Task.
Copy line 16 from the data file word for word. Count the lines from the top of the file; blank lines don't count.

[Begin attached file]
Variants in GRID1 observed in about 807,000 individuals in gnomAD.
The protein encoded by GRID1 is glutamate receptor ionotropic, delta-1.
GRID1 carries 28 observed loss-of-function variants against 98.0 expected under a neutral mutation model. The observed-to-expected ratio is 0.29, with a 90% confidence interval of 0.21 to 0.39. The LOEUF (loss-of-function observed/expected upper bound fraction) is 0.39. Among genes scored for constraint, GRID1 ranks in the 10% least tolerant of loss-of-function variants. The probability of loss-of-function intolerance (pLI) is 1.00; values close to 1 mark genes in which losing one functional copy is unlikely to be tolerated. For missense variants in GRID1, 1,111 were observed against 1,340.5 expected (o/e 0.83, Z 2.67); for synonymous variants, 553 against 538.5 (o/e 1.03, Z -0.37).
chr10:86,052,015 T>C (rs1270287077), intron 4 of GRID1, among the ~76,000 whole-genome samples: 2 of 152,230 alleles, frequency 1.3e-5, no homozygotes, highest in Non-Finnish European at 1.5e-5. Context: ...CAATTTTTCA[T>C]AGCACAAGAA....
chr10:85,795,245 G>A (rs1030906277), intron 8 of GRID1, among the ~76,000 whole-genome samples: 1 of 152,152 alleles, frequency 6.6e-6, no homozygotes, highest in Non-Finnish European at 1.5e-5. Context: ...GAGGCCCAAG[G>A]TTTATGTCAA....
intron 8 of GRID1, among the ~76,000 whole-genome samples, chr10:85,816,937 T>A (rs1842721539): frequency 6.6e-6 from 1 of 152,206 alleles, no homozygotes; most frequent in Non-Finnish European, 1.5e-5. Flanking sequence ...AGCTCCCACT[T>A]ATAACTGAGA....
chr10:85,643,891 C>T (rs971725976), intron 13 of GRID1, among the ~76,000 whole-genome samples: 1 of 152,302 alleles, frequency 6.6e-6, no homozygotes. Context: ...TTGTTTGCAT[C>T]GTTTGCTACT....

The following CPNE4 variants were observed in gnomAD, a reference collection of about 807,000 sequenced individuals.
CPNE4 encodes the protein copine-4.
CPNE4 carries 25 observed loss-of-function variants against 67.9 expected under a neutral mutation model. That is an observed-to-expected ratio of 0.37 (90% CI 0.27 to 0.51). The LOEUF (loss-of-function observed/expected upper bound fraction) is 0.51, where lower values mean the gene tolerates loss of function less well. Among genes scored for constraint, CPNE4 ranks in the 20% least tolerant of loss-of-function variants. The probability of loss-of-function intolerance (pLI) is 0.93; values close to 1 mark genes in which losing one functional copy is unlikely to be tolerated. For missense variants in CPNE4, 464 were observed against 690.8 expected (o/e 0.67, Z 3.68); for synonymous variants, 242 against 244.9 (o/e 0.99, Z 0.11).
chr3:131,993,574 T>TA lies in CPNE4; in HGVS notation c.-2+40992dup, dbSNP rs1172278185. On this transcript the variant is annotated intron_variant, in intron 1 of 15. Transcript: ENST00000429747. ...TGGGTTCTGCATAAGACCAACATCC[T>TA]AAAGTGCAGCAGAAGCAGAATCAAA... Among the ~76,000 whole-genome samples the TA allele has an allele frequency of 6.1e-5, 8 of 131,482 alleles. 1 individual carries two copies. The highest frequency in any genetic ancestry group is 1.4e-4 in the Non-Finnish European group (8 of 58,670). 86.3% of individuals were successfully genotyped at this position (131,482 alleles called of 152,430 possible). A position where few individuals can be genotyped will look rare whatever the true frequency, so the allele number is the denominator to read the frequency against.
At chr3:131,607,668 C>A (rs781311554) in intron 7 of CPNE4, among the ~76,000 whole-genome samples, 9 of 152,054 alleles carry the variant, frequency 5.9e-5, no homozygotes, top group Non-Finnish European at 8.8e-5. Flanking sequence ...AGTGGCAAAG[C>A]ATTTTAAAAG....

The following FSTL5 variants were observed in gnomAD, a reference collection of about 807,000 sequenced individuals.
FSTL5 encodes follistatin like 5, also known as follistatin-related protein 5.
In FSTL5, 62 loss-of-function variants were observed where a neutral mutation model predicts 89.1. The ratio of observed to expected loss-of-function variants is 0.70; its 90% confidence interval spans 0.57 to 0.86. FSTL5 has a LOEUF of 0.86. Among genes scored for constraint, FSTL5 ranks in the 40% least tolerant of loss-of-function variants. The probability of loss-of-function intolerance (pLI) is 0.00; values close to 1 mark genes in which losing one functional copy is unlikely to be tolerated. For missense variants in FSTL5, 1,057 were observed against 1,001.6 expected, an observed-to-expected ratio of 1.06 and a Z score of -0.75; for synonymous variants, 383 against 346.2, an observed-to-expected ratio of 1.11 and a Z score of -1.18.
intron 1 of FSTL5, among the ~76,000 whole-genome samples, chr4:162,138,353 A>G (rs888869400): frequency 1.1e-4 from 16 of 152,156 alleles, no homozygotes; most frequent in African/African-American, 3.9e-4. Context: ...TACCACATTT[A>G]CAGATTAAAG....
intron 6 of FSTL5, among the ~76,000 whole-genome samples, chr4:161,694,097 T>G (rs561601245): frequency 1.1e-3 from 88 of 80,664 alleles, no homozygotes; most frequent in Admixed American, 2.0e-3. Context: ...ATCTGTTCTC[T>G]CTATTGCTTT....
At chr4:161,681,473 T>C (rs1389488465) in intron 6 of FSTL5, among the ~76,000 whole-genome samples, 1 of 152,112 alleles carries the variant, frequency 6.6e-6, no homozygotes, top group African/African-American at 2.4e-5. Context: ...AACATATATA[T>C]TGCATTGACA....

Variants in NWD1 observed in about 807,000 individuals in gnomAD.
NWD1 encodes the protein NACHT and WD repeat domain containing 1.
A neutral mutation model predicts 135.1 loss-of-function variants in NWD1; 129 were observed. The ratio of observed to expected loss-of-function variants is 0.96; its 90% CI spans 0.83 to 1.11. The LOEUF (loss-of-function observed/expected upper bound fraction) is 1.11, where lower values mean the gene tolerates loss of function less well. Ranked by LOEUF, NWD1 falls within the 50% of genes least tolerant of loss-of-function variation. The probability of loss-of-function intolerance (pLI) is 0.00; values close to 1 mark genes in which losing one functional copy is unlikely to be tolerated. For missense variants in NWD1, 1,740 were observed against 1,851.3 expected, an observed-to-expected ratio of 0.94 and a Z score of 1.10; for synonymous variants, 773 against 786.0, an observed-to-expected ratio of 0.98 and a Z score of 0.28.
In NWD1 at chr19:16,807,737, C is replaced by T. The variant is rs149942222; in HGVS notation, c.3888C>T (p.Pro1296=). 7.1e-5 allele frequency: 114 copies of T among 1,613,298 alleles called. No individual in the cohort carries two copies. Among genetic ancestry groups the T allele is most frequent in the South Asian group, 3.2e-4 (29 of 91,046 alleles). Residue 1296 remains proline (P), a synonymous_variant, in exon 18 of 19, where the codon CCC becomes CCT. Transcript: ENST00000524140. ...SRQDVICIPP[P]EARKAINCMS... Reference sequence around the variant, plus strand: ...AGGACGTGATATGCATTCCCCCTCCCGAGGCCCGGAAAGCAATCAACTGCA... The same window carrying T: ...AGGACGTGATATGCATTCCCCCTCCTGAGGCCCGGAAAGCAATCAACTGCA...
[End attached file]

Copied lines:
intron 1 of FSTL5, among the ~76,000 whole-genome samples, chr4:162,138,353 A>G (rs888869400): frequency 1.1e-4 from 16 of 152,156 alleles, no homozygotes; most frequent in African/African-American, 3.9e-4. Context: ...TACCACATTT[A>G]CAGATTAAAG....